Criminal Justice Reformers Clock Big Wins in California

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A man jogs past a row of telephone booths in front of the Los Angeles County Men's Central Jail on May 11, 2020. (Frederic J. Brown/AFP via Getty Images)

Ever since California started embracing changes to its criminal sentencing system a decade ago, police and prosecutors have pushed back, arguing that the reforms went too far and undermined public safety, and that voters who approved them didn't really know what they were doing.

This year, opponents of reform went back to the electorate with Proposition 20, which would have made it easier to put some people in jail for theft, while making it harder for thousands of state prisoners to qualify for parole consideration.

"And it wasn't even close," said Kate Chatfield, policy director at the pro-reform Justice Collaborative.

She’s right — Proposition 20 has been trailing by double digits since Tuesday as the ballots continue to be tallied.

Chatfield says supporters of the measure — largely law enforcement groups — used the traditional law and order playbook, which worked in decades past.

"They used all their usual cards in the deck. You know, 'crime is increasing.' The fear-based mailers, the phony arguments," she said.

"The voters saw through them. I mean, the voters just were not persuaded," Chatfield added. "And that to me was very, very hopeful that we may have turned this corner."

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Proposition 20 wasn’t the only big win. Statewide, voters also gave people on parole the right to vote. And at the local level, a half dozen Bay Area cities passed police accountability measures.

Meanwhile, in Los Angeles, the progressive district attorney candidate, George Gascón, appears to have defeated his rival, current District Attorney Jackie Lacey, who was backed by law enforcement.

Jay Jordan, executive director of the pro-reform group Californians for Safety and Justice, says the message from voters is clear: They support rehabilitation and other alternatives to incarceration, not more jails and prisons.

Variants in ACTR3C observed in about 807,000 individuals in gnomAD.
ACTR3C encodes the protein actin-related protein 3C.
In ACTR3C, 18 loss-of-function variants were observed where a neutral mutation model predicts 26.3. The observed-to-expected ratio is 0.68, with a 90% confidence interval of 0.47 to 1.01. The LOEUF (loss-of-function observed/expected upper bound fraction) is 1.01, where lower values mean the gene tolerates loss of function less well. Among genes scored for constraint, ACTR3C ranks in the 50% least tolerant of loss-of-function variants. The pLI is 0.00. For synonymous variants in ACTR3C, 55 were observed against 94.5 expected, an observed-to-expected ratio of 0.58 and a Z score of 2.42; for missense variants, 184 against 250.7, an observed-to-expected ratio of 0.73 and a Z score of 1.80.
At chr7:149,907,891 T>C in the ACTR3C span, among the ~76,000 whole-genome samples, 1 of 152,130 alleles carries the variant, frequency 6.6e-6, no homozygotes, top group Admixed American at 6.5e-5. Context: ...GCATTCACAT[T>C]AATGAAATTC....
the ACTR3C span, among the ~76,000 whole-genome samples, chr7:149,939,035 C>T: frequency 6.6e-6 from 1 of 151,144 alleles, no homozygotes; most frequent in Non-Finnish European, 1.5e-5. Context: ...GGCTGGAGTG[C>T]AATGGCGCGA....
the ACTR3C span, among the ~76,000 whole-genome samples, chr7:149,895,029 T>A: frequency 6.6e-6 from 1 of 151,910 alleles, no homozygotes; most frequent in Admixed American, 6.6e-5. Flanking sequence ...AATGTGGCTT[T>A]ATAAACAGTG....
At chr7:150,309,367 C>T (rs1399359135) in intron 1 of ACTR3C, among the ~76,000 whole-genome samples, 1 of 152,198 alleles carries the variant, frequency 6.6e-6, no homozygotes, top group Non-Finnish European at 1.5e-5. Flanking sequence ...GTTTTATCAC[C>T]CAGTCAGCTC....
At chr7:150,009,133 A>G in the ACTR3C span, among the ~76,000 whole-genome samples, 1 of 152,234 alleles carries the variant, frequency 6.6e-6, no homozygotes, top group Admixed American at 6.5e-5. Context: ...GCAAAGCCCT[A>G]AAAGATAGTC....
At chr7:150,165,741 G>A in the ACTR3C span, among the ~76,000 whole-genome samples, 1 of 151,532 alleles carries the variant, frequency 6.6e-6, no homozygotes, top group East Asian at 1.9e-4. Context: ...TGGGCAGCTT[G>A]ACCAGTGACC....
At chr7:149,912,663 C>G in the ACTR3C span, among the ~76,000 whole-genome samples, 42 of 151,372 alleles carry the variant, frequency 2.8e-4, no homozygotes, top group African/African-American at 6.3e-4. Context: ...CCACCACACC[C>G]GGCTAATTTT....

He noted that Proposition 20 lost in 50 of the state’s 58 counties, including reliably red ones.

"No longer can you just tell California voters anything," said Jordan, whose organization wrote one of the reform measures that Proposition 20 sought to roll back.

In this era, Jordan said, campaigns are "going to have to make the case. And, you know, the case for more prisons and more prison spending is just not one that California voters are willing to accept."

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But Jordan’s group did suffer one big loss: Proposition 25, which would have ended money bail in California, was defeated after a well-funded campaign by the bail industry and law enforcement. Those groups got a boost from an unexpected source — progressive civil rights groups, who argued that the measure’s proposed replacement for bail was unfair and could lead to more people being locked up.

Mike Gatto, a consultant for the No on 25 campaign, says voters understood it was deeply flawed.

"I think that the historic coalition that came together to oppose it sent a clear message to the Legislature that the people of the state want them to do better," said Gatto, a former Democratic state lawmaker.

But Gatto rejects the notion that the electorate sent a broader message of increased support for criminal reform, arguing that Proposition 20 — the tough-on-crime measure, which he supported — was defeated simply because its backers were outspent.

Generally, Gatto adds, he doesn't see a surge of anti-law enforcement sentiment among California voters.

Chatfield disagrees. A former defense attorney who has worked on these issues for two decades, she says while the bail measure was complicated because of opposition from both the left and right, the rest of the statewide and local criminal justice outcomes in this election should send a message to state leaders that the public is ready to go even farther on reform.

"The voters are so much further along on this issue than the California Legislature or any Legislature in the country," she said.

Chatfield, Jordan and others hope the state Legislature, which failed to pass several police reform measures this past summer, will hear that message and be willing to embrace reforms to both policing and criminal sentencing in 2021.